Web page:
Not a Winter Wonderland

Not a Winter Wonderland

Everyone is prone to getting the winter blues as the temperatures start to drop. For arthritis patients it isn’t simply about longing for the delights of summer. With the winter weather comes an increase in pain and stiffness in joints affected by the arthritis. Despite the fact that there is not much published research which has been conducted to corroborate this, most rheumatologists willing admit that their patients will frequently link cold and wet weather conditions with a worsening of their symptoms. There are studies which support that in barometric chambers with lower pressure increased the level of pain felt by patients. This indicating that more research needs to be carried out in order to understand the mechanisms that drive these increased pain responses as they relate to external environmental cues.

So how do arthritis patients beat their unique winter blues? There are a number of ways to reduce the pain associated with the winter months.

It may seem obvious but dress warmly, adding layers, especially to joints to are afflicted. Layers ensure air is trapped between them acting as additional insulation. Layering can also be important for fluctuating temperatures allowing patients more flexibility in heating up or cooling down. Winter also means slippery surfaces and treacherous journeys, so be safe. Wear solid supportive shoes with good grip and watch out for surfaces that look slick. Avoiding injury to afflicted joints is key in ensuring that you avoid increased pain levels.

Dehydration can lead to increased pain sensitivity. In winter we tend to consume hot drinks like coffee which can at as a diuretic leading to dehydration. A simple fix – ensure you are drinking enough water to compensate for increased caffeine intake. In addition to increasing our coffee and tea intake we tend to eat more in the colder seasons leading to weight gain. If this causes patients to become overweight it can lead to increased pain. So, ensure that while you delve into the winter foods like soups and pastas you increase your physical activity to offset the extra calories. Many patients report significant improvement, even in cold weather if they have lost excess weight.

Exercise boosts our body’s production of synovial fluid which helps to keep joints lubricated. Of course, staying active when you want to avoid the cold outside can be challenging. Ensure before the temperatures start to plummet you have devised an indoor workout plan. Make use of community gyms, if possible, have equipment at home such as stationary bicycles or light weights for resistance training. There are numerous at home exercise apps and videos that are free and easily accessible – why not use these months to learn a new style of dance or take up Pilates?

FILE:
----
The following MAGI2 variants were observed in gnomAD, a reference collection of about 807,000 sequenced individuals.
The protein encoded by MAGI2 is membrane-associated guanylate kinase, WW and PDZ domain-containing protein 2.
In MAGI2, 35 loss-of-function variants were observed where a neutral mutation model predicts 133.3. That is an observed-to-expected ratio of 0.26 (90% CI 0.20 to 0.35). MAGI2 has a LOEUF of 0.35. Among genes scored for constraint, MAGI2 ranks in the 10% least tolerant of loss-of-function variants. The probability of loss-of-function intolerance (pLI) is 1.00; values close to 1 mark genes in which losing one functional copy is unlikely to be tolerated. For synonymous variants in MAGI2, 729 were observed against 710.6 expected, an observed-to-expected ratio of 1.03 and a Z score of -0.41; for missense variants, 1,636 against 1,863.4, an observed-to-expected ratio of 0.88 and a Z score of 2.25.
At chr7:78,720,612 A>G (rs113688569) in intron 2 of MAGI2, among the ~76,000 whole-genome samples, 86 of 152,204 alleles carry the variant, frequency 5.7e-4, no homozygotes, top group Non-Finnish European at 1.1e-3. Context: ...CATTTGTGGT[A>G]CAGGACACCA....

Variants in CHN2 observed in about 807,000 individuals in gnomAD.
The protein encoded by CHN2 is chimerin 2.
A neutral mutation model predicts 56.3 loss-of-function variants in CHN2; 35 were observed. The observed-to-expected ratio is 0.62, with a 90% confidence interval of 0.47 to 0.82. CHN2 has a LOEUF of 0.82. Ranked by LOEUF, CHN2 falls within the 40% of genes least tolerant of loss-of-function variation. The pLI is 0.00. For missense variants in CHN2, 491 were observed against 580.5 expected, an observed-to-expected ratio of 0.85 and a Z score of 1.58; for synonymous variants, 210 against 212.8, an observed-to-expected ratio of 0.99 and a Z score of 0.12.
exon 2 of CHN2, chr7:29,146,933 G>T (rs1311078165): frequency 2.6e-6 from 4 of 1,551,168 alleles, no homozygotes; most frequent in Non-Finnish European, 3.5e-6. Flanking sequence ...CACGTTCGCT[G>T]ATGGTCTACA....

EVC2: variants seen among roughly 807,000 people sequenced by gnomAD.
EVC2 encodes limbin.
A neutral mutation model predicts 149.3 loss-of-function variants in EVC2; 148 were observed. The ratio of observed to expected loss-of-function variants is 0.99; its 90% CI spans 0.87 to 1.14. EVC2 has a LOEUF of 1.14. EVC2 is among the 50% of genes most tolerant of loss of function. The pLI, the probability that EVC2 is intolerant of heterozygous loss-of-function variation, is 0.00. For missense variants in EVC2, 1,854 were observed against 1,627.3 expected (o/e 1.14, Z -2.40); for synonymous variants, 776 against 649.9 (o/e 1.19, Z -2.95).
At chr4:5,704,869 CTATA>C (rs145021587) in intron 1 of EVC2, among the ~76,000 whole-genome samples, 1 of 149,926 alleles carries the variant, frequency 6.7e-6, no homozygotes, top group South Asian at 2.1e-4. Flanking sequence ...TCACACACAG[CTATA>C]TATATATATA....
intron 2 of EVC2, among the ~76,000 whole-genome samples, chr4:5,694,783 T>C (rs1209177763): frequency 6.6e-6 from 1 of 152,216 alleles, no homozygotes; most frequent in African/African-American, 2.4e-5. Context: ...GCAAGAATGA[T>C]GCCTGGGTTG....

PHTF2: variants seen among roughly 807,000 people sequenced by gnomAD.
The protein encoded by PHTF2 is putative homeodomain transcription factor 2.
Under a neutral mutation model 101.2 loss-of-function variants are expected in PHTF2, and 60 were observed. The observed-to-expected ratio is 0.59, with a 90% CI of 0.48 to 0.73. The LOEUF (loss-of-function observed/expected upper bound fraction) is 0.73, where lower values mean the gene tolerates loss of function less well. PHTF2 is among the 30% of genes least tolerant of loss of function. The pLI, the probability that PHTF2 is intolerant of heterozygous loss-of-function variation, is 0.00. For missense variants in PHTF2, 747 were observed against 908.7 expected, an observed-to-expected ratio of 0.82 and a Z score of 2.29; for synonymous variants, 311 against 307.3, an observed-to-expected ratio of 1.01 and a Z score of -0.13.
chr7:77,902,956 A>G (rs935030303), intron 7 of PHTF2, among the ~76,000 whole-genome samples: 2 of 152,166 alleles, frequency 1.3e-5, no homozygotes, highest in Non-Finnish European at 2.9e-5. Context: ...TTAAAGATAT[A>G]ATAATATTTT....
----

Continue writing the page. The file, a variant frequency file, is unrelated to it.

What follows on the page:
Warm water is great way to soothe aching joints. A heated pool is an excellent tool to increase physical activity whilst providing rapid relief. A warm bath will also do the trick but make sure you allow your body temperature to normalize before heading out into the cold.

A reduction in day light can mean we are more prone to vitamin- D deficiency. Low levels of vitamin-D have been shown to increase sensitivity to arthritic pain. It might be a good idea to talk to your physician about an appropriate supplement to take during months of reduced exposure to sun light. In addition, you can increase your intake of the foods that contain fortified vitamin-D such as salmon, cereals and orange juice. Fatty fish will also provide additional levels of omega-3 fatty acids which can aid in the reduction of inflammation. This can also be achieved through supplements but be sure to inform your doctor as some can increase the incidence of bruising and/or bleeding.

A tip which most of us will spring at incorporating into our lifestyle is to get a massage. Pain can result from the muscles around a joint as well as the joint itself. Studies have demonstrated that an hour-long massage once a week was shown to reduce pain, what other excuse do you need?

 


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ANRF
Article Author
Arthritis National Research Foundation
arthritisresearch@curearthritis.org

The Arthritis National Research Foundation's mission is to provide initial research funding to brilliant, investigative scientists with new ideas to cure arthritis and related autoimmune diseases. Writing articles about the patients affected and the science being done to find a cure shows why we need to come together to #CureArthritis!

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